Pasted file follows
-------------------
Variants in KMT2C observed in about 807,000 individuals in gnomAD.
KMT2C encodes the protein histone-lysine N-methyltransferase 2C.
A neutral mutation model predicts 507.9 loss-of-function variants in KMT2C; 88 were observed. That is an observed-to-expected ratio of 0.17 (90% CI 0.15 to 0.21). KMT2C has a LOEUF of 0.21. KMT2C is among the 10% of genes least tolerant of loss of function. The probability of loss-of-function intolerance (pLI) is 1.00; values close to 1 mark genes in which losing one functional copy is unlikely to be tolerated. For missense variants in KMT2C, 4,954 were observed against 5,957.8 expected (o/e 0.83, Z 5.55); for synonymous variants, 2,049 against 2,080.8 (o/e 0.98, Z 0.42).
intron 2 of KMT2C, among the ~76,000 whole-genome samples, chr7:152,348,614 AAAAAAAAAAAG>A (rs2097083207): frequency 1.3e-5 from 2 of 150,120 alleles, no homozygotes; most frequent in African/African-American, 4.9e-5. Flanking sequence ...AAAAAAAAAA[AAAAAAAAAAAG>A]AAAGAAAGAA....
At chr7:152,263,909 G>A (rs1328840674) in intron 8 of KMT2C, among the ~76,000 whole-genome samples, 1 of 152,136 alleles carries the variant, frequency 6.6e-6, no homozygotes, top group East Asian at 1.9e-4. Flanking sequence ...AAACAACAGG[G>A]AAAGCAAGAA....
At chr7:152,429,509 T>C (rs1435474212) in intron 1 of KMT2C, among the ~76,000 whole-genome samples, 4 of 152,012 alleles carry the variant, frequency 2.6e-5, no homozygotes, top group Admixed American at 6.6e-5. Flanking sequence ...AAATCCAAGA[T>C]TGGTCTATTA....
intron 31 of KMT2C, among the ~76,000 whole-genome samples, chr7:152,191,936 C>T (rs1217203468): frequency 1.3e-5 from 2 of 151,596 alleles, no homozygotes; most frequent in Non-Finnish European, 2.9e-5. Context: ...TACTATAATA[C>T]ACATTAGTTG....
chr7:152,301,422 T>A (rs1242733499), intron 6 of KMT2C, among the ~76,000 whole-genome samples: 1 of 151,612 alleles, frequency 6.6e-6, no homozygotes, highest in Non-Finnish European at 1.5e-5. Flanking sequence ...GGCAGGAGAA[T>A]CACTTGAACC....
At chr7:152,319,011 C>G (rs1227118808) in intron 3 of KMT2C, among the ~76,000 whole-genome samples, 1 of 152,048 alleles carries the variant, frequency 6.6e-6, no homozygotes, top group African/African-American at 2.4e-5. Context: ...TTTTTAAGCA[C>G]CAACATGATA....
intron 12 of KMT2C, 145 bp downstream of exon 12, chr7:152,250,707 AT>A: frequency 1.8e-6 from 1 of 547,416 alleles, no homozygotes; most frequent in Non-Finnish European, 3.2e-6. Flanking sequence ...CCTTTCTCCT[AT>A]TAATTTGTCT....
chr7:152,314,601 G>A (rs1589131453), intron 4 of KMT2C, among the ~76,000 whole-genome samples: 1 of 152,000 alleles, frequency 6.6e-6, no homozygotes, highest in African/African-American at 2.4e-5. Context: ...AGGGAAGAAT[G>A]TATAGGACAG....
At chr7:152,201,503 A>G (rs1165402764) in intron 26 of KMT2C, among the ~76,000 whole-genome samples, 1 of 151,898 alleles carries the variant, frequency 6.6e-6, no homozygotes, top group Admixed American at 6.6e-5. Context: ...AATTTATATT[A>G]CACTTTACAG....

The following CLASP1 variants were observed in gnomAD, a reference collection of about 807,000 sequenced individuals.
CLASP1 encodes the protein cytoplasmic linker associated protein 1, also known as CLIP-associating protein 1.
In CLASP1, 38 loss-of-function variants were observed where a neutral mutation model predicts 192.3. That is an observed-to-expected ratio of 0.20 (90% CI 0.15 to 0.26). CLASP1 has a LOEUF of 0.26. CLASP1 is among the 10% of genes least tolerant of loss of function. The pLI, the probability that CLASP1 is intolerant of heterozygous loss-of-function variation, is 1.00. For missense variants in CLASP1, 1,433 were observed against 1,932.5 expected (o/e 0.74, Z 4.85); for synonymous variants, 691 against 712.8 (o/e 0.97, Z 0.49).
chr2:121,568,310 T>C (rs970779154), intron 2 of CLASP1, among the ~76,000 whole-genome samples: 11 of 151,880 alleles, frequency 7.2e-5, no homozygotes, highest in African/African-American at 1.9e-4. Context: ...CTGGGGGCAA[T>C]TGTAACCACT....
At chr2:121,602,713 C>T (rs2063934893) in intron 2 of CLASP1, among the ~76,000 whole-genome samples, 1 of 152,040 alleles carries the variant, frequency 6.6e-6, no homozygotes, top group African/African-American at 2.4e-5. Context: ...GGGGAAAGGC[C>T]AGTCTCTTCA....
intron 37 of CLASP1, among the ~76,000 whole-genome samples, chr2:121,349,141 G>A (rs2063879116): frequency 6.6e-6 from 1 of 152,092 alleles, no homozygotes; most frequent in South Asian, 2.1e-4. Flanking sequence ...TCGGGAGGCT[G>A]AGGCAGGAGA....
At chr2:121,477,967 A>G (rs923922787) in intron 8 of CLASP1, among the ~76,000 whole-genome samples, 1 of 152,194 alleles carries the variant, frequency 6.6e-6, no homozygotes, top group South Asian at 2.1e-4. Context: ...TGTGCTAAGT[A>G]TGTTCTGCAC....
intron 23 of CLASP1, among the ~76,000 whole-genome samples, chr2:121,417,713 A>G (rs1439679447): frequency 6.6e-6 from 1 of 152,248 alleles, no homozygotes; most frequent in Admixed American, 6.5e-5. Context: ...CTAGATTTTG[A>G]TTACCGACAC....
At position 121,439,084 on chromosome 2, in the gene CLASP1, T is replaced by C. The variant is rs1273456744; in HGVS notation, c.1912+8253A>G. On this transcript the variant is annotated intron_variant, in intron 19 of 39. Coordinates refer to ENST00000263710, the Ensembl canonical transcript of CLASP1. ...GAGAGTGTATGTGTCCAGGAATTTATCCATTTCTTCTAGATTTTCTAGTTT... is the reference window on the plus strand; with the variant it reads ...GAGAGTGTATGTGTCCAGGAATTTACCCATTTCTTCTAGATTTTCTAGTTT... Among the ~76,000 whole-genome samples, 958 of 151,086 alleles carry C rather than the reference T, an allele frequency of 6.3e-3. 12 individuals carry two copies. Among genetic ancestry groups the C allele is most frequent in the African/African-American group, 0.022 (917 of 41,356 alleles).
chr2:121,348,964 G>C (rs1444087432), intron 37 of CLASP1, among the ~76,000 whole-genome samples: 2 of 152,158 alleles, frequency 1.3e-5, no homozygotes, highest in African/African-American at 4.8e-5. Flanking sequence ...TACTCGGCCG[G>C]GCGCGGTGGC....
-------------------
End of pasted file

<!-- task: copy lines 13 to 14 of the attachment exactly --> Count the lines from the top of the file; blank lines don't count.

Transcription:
The following CLASP1 variants were observed in gnomAD, a reference collection of about 807,000 sequenced individuals.
CLASP1 encodes the protein cytoplasmic linker associated protein 1, also known as CLIP-associating protein 1.